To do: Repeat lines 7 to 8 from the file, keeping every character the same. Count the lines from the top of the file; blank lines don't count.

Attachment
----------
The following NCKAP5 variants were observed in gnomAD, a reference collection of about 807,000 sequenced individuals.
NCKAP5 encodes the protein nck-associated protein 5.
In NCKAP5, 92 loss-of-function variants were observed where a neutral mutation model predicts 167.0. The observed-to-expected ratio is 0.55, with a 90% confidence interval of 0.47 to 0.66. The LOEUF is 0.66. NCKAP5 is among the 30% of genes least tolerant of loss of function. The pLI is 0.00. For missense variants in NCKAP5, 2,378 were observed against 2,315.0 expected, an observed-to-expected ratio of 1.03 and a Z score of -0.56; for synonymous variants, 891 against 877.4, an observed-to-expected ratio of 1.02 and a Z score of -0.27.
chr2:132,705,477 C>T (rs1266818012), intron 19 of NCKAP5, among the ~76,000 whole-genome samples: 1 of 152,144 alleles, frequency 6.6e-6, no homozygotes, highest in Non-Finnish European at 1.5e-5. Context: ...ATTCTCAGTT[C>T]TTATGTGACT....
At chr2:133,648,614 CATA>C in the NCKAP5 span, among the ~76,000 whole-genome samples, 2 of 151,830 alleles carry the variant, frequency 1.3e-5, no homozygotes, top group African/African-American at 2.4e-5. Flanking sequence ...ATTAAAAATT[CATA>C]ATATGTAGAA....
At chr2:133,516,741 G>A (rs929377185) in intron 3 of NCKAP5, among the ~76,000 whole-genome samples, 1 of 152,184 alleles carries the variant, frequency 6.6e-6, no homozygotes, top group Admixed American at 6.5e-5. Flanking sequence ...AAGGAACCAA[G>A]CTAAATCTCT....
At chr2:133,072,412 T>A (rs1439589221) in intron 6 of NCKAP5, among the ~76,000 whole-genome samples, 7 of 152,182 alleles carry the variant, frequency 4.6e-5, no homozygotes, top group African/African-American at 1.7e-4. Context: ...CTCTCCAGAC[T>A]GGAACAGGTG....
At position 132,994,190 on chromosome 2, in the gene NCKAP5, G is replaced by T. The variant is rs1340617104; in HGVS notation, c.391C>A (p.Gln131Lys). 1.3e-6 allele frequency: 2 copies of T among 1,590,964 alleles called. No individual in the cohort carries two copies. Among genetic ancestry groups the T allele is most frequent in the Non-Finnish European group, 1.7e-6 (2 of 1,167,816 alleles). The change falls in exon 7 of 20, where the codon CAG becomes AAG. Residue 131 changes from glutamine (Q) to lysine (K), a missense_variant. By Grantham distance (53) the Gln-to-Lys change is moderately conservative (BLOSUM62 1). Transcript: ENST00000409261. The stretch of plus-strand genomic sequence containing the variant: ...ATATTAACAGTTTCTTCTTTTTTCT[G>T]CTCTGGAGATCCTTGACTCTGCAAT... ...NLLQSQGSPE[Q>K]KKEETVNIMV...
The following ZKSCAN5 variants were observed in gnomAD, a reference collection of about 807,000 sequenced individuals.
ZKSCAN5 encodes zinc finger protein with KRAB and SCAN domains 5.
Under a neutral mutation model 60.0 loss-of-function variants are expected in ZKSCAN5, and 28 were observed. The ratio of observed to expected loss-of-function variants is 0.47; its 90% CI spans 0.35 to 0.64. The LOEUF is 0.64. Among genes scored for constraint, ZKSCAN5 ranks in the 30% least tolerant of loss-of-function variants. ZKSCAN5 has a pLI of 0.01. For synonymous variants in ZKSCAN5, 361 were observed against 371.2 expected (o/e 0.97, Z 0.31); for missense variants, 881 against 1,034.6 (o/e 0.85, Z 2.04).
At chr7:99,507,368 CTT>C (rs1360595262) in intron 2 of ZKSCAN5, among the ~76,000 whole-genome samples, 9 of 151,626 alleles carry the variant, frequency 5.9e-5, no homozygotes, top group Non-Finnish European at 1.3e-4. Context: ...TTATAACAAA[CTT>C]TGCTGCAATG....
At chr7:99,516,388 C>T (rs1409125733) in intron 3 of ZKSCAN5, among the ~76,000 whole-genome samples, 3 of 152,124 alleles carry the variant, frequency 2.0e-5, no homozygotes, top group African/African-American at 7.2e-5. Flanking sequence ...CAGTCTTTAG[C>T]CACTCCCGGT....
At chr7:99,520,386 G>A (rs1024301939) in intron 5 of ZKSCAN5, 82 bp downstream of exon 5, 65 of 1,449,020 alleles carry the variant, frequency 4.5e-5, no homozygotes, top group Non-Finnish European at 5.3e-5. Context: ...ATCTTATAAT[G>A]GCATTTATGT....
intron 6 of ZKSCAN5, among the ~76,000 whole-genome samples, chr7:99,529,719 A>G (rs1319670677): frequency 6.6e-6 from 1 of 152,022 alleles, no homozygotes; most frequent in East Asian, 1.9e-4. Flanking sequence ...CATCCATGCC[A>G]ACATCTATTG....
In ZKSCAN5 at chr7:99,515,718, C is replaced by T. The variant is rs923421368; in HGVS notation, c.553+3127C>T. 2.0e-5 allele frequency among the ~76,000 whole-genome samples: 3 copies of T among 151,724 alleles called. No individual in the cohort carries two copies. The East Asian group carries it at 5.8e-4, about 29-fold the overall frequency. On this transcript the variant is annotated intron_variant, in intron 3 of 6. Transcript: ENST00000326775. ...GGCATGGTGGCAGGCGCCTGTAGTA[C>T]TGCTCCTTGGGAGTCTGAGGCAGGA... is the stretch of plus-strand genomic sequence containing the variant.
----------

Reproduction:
At chr2:133,072,412 T>A (rs1439589221) in intron 6 of NCKAP5, among the ~76,000 whole-genome samples, 7 of 152,182 alleles carry the variant, frequency 4.6e-5, no homozygotes, top group African/African-American at 1.7e-4. Context: ...CTCTCCAGAC[T>A]GGAACAGGTG....
At position 132,994,190 on chromosome 2, in the gene NCKAP5, G is replaced by T. The variant is rs1340617104; in HGVS notation, c.391C>A (p.Gln131Lys). 1.3e-6 allele frequency: 2 copies of T among 1,590,964 alleles called. No individual in the cohort carries two copies. Among genetic ancestry groups the T allele is most frequent in the Non-Finnish European group, 1.7e-6 (2 of 1,167,816 alleles). The change falls in exon 7 of 20, where the codon CAG becomes AAG. Residue 131 changes from glutamine (Q) to lysine (K), a missense_variant. By Grantham distance (53) the Gln-to-Lys change is moderately conservative (BLOSUM62 1). Transcript: ENST00000409261. The stretch of plus-strand genomic sequence containing the variant: ...ATATTAACAGTTTCTTCTTTTTTCT[G>T]CTCTGGAGATCCTTGACTCTGCAAT... ...NLLQSQGSPE[Q>K]KKEETVNIMV...